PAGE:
The Hill’s Alexander Bolton tells us more here.
Who wants what? There’s a long line of Democrats who have thoughts on what should be included.
- Durbin himself is pushing for additional education provisions, while Senate Budget Committee Chairman Bernie SandersBernie SandersThe Hill’s Morning Report – Biden launches blitz for jobs plan with ‘thank you, Georgia’ Harris, senators work behind scenes on jobs package Democrats push to add drug pricing, Medicare measures to Biden plan MORE (I-Vt.) wants to add language lowering the Medicare eligibility age.
- Sen. Elizabeth WarrenElizabeth WarrenHarris, senators work behind scenes on jobs package Biden, progressives face high stakes in big speech Senate Democrats push Biden over raising refugee cap MORE (D-Mass.) wants to substantially boost funding for child care.
- Sen. Tim KaineTimothy (Tim) Michael KaineHarris, senators work behind scenes on jobs package Overnight Defense: Gillibrand makes new push for military sexual assault reform | US troops begin leaving Afghanistan | Biden budget delay pushes back annual defense policy bill Gillibrand makes new push for military sexual assault reform MORE (D-Va.), wants to make workforce training programs eligible for Pell Grants.
- Sen. Sheldon WhitehouseSheldon WhitehouseHarris, senators work behind scenes on jobs package OVERNIGHT ENERGY: Senate nixes Trump rule limiting methane regulation | Senate confirms EPA chief: Biden’s climate goals are ‘an opportunity to lead’ | Fine-particle pollution disproportionately hurts people of color: research EPA chief: Biden’s climate goals are ‘an opportunity to lead’ MORE (D-R.I.) is seeking more funding for oceans and coastal areas hit hard by the effects of climate change.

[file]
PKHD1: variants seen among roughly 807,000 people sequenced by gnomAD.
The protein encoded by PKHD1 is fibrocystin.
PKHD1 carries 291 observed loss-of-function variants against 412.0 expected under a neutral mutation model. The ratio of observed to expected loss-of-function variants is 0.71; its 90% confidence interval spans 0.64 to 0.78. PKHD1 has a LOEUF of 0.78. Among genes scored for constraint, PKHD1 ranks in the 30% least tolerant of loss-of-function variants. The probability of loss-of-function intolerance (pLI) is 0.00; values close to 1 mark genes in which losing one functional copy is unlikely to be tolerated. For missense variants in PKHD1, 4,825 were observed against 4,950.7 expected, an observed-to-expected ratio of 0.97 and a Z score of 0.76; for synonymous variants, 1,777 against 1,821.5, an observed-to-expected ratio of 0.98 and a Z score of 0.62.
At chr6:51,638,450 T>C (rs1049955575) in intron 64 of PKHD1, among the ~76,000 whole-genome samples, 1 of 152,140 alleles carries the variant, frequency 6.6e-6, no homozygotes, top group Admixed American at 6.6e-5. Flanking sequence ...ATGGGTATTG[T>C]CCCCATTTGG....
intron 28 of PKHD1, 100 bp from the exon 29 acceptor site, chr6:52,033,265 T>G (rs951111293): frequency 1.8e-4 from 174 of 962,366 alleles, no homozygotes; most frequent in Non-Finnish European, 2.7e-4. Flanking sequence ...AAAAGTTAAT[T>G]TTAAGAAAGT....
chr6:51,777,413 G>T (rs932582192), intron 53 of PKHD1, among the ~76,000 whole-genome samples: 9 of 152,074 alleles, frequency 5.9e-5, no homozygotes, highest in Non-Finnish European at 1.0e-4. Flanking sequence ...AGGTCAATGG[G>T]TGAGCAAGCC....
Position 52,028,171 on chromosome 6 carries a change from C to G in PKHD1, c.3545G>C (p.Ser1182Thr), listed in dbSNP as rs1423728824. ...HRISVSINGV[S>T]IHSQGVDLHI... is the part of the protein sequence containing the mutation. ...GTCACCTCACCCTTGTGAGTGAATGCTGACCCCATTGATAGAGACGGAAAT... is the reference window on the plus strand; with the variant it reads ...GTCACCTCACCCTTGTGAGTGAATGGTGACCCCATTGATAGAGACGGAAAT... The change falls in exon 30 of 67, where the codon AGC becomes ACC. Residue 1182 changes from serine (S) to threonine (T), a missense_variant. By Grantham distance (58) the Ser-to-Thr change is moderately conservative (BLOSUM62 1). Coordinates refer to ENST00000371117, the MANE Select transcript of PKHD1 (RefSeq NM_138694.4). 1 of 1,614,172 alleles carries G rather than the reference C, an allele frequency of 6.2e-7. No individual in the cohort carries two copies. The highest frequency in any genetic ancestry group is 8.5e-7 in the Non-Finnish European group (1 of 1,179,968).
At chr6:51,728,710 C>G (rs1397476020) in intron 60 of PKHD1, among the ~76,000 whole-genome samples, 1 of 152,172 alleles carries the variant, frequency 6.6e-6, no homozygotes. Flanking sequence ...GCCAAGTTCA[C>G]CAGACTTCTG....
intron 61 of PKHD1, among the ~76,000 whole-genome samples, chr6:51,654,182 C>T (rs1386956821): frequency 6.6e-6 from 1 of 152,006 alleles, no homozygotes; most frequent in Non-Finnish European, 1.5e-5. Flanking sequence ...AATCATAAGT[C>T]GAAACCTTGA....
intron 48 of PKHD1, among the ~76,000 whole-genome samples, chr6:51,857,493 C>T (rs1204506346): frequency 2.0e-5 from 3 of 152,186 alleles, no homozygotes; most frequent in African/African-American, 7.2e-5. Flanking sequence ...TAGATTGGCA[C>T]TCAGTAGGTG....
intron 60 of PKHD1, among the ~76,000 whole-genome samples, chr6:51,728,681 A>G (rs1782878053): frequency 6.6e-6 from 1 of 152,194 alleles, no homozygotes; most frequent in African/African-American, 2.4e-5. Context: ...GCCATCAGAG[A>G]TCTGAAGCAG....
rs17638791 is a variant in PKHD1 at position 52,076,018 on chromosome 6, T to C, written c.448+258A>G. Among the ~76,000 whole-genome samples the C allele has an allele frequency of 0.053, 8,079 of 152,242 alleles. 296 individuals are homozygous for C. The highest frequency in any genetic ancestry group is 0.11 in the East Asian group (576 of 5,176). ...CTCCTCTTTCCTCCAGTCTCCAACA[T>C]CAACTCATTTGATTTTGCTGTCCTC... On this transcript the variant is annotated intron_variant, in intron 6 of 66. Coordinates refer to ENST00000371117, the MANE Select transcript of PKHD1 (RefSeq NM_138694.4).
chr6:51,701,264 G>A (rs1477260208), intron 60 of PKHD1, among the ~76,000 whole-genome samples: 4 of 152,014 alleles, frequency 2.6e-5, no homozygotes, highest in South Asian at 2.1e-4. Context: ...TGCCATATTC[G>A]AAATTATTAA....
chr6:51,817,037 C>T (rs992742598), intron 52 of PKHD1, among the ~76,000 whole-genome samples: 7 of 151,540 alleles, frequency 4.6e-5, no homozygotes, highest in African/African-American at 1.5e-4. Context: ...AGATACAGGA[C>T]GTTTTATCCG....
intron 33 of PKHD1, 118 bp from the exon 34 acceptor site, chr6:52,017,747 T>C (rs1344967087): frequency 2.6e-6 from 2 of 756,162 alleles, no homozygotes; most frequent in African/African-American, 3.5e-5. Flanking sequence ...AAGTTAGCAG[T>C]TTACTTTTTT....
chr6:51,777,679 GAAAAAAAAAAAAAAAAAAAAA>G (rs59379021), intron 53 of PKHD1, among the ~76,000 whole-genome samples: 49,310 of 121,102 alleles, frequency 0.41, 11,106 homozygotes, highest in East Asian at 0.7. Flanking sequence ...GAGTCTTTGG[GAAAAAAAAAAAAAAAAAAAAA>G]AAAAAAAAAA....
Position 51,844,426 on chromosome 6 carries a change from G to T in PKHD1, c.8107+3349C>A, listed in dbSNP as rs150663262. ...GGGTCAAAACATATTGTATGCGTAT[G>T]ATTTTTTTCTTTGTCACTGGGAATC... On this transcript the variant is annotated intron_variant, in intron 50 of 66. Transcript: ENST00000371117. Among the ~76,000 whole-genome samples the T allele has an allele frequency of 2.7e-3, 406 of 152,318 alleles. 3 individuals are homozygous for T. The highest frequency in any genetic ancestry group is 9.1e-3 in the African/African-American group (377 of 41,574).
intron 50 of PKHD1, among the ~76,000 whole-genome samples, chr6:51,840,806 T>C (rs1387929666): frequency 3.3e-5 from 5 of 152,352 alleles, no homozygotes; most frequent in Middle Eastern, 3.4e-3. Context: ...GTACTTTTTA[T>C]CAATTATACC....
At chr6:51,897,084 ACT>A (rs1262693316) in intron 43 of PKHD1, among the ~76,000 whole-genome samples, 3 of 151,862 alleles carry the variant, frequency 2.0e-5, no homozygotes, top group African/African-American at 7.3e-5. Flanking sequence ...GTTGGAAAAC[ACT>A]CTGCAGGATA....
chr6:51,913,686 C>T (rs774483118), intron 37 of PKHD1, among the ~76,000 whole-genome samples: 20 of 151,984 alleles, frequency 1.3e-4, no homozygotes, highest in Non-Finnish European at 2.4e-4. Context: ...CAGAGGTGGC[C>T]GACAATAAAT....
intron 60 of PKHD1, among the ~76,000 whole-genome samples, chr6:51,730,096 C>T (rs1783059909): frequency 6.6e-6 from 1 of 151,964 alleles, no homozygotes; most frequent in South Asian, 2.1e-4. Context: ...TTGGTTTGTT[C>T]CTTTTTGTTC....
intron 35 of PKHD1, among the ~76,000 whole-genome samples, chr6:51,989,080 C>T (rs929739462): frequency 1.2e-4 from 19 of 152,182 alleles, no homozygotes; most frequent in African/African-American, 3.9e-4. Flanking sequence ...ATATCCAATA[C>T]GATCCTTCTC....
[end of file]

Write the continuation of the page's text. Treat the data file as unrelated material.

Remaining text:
- Senate Banking Committee Chairman Sherrod BrownSherrod Campbell BrownDemocrats face big headaches on Biden’s T spending plan Senate Democrats take aim at ‘true lender’ interest rate rule Senate Democrats push Biden over raising refugee cap MORE (D-Ohio) is pressing leadership to include the PRO Act, which would expand protections for workers trying to organize, to any infrastructure and jobs package that passes under budget reconciliation.
Biden cancels military-funded border wall projects: President Biden is canceling projects to build a wall along the southern border using diverted defense funds and will use some funding to counter environmental damage from the wall’s construction.
“Today, the Department of Defense will begin cancelling all wall projects using the diverted funds, and will take steps to return remaining unobligated military construction funds to their appropriated purpose as permitted by law,” an administration official said.
The Hill’s Niv Elis tells us how it works here.
ON TAP NEXT WEEK
- A House Financial Services subcommittee holds a hearing on housing sustainability and climate change at 12 p.m.
- The Peterson Institute for International Economics hosts a webinar on digital trade negotiations at 10 a.m.
- The House Financial Services Committee holds its third hearing on the GameStop stock trading frenzy at 12 p.m.
- A House Small Business Subcommittee holds a hearing on job creation through infrastructure at 12 p.m.
- The House Financial Services Committee’s task force on artificial intelligence holds a hearing on racial discrimination and algorithms used in the housing and financial services industries at 12 p.m.
GOOD TO KNOW
ODDS AND ENDS